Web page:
Also Roberto if you don't have a problem like some people do bleeding the air out fine but it's obvious that people do have an issue with it from time to time. That is why I posted what I did to give advice on a tool you can purchase if you have issues or tell them the way I did it. Sorry if you get mad or upset that I was giving my opinion to a poster who had a problem like I did. Don't be afraid to think outside the box and try something different, it helps to do that when owning these cars. I have flushed the cooling system in my truck and wife's minivan along with countless other vehicles and the BMW is the only that has ever gave me a problem.

Last edited by down19992000; 10-31-2012 at 06:52 PM.
Reply With Quote
  #15  
Old 10-31-2012, 06:58 PM
down19992000 down19992000 is offline
Officially Welcomed to the 'Fest
Location: nc
 
Join Date: Feb 2010
Posts: 116
Mein Auto: 1995 525i
http://www.pelicanparts.com/catalog/...TD046_pg35.htm

Pelican parts sells it too and also says that air locks have become prevalent in The cooling systems of today's cars. I believe they know bmws pretty well.
Reply With Quote
  #16  
Old 10-31-2012, 07:47 PM
robertobaggio20 robertobaggio20 is offline
Banned
Location: earth
 
Join Date: Oct 2009
Posts: 3,403
Mein Auto: car
Quote:
Originally Posted by down19992000 View Post
http://www.amazon.com/UView-550000-A...+to+remove+air

Also Roberto if you don't have a problem like some people do bleeding the air out fine but it's obvious that people do have an issue with it from time to time. That is why I posted what I did to give advice on a tool you can purchase if you have issues or tell them the way I did it. Sorry if you get mad or upset that I was giving my opinion to a poster who had a problem like I did. Don't be afraid to think outside the box and try something different, it helps to do that when owning these cars. I have flushed the cooling system in my truck and wife's minivan along with countless other vehicles and the BMW is the only that has ever gave me a problem.
Please sir. I've been pondering what you've said for some time (of and on over the years), as I don't want to have a problem that I may be overlooking with my car. I've also pondered the few occasions when others have had issues with bleeding the radiator. I've tried all the different bleeding methods myself. I do think outside the box my car forces me to actually lol. And after 3 years, I'm prepared to say that there is zero reason why the car needs to be bled that way.

I have just replaced my radiator, and was there when an E34 buddy of mine changed his radiator a year back, and on both occassions we did normal bleeding and it worked fine.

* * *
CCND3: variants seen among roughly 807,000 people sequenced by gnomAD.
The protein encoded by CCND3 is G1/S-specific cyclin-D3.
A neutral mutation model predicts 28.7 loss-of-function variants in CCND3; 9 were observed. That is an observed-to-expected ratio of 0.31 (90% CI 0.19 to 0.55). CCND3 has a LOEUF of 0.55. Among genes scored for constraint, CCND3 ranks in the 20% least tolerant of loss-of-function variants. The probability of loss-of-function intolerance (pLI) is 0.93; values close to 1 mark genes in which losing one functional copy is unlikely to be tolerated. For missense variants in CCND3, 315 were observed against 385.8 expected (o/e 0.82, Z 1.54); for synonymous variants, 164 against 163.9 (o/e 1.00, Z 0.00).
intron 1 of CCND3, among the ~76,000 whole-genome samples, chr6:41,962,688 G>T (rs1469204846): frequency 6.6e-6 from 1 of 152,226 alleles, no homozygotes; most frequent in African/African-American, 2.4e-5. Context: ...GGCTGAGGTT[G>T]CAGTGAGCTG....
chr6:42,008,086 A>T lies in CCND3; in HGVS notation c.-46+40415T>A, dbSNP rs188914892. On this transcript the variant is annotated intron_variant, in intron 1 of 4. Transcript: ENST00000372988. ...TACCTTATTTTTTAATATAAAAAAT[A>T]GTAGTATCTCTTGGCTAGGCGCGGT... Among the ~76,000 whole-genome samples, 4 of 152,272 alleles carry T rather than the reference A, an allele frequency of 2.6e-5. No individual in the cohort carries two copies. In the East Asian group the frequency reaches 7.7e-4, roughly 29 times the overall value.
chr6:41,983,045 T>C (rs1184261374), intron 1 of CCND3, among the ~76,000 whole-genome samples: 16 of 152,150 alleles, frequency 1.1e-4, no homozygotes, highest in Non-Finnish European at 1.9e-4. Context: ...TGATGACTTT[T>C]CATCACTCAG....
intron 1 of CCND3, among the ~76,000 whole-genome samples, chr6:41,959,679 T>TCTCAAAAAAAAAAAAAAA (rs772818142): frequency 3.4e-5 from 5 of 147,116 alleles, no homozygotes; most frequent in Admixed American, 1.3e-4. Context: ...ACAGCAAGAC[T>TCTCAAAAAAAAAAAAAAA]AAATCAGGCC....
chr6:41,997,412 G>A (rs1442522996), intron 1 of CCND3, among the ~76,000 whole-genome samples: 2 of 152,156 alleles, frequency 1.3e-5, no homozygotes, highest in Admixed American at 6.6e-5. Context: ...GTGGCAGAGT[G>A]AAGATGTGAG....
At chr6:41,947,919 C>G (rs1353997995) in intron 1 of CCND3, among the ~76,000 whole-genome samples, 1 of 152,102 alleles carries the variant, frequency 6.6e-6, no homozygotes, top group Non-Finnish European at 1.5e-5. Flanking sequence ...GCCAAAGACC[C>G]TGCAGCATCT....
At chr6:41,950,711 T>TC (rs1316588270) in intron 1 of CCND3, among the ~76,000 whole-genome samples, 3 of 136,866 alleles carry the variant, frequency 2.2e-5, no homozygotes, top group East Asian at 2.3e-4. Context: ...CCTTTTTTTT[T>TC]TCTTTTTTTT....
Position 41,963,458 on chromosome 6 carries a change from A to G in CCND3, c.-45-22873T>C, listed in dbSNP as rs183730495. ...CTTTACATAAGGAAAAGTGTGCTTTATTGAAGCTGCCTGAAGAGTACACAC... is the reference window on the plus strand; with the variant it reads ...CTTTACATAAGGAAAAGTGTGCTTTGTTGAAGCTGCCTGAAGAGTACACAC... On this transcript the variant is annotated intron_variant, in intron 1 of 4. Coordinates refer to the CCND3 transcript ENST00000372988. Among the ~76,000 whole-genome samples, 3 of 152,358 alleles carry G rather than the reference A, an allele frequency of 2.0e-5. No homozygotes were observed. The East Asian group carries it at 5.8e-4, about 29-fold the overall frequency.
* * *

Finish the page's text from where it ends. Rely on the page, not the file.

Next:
Removing the radiator should not introduce air into the engine and block. When you are replacing the radiator, you have usually allowed the system to cool down in order to work on it. The thermostat would likely be closed shut, even if the gauge does not show that it is cold. Removing the hoses and the radiator cannot introduce air into the engine...there is no way that could happen. And even if air entered physically, the thermostat is located at or near the top of the engine and not the bottom so not much air would push its way in, nor coolant drain out through gravity to be replaced by air.

I acknowledge that yourself and a few others have had to perform extreme measure to successfully bleed their radiator, and that these methods worked to solve the immediate problem at hand. I still think that there was something wrong in the system, or something that the driver overlooked in the original method, that lead to this. If you had no choice but to do something that others don't, and if your situation (that of major air pockets introduced through major work such as changing the radiator) has not been alluded to separately in the Bentley manual, then it is unusual. And as I mentioned earlier, the real problem may not be serious, or may be intermittent, which is why there has been no recurrence or no other issues subsequently. Absence of evidence may not be evidence of absence.

My mechanic deals with late model bmws mainly and I've seen him flushing and bleeding radiators. I've never seen him use a tool like the one that you cited here (it looks interesting in any case). Just water from a can, then normal bleeding. The tool is clearly nice to have as a form of insurance but I do not think that it is required for the car.

I'm prepared to change my general purpose advice on bleeding as follows :